I believe that the magi, from reading the prophecies, and from the supernatural way in which they had been led, had a very good idea that the newborn King was divine. At the beginning of Jesus' ministry, Nathanael said, "Rabbi, You are the Son of God! You are the King of Israel!” Then there was the man born blind, whom Jesus had healed, and who had been "cast out of the synagogue" for his testimony. Jesus met him in the temple, and now introduced Himself as "the Son of God." As a result, "he worshiped Him."

      Then, after the resurrection, there was Thomas, when Jesus showed that He was intimately acquainted with everything Thomas had been thinking and saying. His response: "My Lord and My God!" I guess it doesn't get much more explicit than that!

      May God bless you, brother!

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      • After reading your comments I thought to myself, R.G. has stated things pretty well, why say anything additional. But after a while I changed my mind and feel that I could add a few comments (not arguments) that would be helpful.

        I generally think you are right that there was varying degrees of understanding among the disciples. What gets me to wonder is the apparent casual attitude of the disciples when around Jesus. Would a Jew in that culture be like that if they knew Jesus was God? Even in our culture, would we?

        Thomas is an interesting fellow to say the least, for many reasons and his response seems to be a product of the realization that Jesus was more than he thought. After the resurrection I do think the disciples began to see things from a different perspective especially after Jesus explained from scripture what had taken place. I believe that point of view caused them to diverge increasingly from their national pride as time went on and by the time many of the letters from Paul were circulated the disciples had a much clearer understanding of the divinity of Christ to the point that towards the end of the first century John was able to write with immense strength on that topic in order to battle the Gnostic philosophy.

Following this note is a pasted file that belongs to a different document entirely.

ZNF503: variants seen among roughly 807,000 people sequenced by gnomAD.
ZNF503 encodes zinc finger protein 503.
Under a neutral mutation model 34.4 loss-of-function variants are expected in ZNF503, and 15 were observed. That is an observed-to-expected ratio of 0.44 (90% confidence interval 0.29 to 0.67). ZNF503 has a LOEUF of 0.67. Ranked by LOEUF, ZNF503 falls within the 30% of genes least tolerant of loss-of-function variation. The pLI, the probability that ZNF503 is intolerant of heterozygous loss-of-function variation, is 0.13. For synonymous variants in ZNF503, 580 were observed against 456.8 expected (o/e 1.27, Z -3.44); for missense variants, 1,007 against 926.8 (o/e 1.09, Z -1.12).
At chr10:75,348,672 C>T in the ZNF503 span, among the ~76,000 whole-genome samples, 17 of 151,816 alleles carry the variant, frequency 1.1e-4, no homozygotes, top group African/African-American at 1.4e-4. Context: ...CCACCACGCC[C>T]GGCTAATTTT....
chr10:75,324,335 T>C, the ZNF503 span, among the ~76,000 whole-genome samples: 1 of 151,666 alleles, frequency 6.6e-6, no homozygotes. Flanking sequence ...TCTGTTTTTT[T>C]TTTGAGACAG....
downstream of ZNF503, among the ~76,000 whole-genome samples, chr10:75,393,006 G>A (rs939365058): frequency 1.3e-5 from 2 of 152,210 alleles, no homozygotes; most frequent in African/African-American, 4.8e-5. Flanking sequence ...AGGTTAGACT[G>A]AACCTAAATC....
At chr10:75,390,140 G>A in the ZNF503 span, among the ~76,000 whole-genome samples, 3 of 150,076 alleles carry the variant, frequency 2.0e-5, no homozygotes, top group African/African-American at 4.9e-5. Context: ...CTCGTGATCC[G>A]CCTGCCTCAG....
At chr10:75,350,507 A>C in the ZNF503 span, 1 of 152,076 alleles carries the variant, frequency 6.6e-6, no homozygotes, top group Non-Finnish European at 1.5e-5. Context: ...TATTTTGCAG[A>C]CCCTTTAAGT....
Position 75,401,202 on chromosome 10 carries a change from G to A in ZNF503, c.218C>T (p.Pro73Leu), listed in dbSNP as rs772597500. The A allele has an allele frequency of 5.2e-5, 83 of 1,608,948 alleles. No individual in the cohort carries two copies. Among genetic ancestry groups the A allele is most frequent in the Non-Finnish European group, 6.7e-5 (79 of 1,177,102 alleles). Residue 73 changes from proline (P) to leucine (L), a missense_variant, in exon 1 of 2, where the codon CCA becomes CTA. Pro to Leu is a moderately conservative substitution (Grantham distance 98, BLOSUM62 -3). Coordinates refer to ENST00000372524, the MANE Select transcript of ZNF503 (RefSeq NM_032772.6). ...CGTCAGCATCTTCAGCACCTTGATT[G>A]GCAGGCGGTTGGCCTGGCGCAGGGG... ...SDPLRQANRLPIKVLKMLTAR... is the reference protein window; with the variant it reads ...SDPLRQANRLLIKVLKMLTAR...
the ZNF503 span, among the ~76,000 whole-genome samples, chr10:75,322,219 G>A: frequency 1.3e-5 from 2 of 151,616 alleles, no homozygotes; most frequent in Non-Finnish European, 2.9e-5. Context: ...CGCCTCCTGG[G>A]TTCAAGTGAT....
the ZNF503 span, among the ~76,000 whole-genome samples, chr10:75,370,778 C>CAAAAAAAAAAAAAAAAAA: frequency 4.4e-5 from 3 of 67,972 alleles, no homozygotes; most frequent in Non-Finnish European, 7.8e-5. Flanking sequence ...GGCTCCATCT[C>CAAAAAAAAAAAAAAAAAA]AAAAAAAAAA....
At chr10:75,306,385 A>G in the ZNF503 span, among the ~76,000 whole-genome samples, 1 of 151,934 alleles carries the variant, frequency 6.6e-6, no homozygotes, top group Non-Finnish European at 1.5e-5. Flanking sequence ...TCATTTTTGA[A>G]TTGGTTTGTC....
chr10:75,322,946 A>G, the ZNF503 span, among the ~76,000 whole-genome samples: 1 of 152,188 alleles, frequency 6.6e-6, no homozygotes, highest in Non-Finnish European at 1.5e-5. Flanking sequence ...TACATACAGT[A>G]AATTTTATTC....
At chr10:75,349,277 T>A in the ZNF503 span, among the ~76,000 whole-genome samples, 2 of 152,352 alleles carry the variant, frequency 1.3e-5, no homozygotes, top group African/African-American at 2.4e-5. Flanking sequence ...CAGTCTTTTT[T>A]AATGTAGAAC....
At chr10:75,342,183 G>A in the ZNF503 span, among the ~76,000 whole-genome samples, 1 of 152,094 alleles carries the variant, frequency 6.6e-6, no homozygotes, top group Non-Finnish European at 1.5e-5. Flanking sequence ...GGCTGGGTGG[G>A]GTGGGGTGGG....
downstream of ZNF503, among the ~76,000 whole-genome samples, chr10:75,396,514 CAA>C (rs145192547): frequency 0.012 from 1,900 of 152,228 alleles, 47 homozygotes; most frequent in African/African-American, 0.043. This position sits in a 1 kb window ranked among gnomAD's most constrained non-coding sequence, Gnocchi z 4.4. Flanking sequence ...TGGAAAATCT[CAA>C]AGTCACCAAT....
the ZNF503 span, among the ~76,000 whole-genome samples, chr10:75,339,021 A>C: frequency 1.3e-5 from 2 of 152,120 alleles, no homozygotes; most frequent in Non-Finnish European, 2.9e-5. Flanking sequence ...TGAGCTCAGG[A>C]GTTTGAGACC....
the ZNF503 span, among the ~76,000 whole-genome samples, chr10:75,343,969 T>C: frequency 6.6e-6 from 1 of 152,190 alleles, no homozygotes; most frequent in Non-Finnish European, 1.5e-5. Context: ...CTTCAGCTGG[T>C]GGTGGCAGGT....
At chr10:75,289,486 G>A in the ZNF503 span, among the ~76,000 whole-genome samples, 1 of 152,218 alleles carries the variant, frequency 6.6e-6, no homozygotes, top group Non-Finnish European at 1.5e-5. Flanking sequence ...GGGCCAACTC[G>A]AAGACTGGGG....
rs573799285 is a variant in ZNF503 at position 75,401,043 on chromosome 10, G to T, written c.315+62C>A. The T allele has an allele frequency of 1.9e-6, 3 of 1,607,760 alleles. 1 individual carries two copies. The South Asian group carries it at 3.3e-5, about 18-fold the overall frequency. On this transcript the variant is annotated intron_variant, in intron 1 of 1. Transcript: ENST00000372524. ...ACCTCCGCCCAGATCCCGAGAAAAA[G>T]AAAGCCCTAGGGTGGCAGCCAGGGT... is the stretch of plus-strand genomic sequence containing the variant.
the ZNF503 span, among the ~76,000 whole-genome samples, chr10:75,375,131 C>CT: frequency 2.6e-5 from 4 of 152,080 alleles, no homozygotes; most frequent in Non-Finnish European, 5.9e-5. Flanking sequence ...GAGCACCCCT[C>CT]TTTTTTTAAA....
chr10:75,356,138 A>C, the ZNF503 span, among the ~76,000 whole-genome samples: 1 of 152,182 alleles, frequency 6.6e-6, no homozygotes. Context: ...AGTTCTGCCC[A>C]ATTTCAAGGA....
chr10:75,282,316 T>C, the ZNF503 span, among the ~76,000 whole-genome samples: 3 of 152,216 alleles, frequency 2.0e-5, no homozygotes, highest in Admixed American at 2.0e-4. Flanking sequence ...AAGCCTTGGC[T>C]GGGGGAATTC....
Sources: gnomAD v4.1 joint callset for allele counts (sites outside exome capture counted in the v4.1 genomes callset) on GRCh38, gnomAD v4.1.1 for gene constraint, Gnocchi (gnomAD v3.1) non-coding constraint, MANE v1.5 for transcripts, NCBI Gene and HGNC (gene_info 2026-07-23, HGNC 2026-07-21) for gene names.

What is sad to me is the fact that foreigners from a pagan culture (Magi) had more understanding than most of the Jewish leaders had. I hope that we are not repeating that sad note.

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        • Tyler, you seem to be a bit sensitive to the possibility of being charged with "arguing." From my point of view, brother, I can see nothing wrong with a person making (or attempting to make) sound arguments. Bible truth is a wonderful thing, and I'm convinced that promoting it (as kindly as possible) can only do good.

          However, I believe that there needs to be a manifest love for truth, sufficient to motivate one to change his mind when shown to be mistaken. This requires enough humility to frankly admit the mistake, rather than argue in order to save face.

          I'm convinced that we should love and welcome truth, and that it shouldn't matter who came up with it. With the Bible, in particular, there is no such thing as originality. We understand what the Spirit teaches us, and nothing more.

          I realize that we are all different, brother, our minds do not all work alike, we all make plenty of mistakes, and we need to cut each other a lot of slack. Please do not take my remarks too personally. If they prove helpful, praise the Lord! If not, kindly disregard them.

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  2. THANKS FOR THIS WEBSITE I CAN STUDY MY LESSON AT WORK AT NIGHTS EVEN WHEN I FORGET MY QUARTERLY. I DO ENJOY READING THE COMMENTS ALSO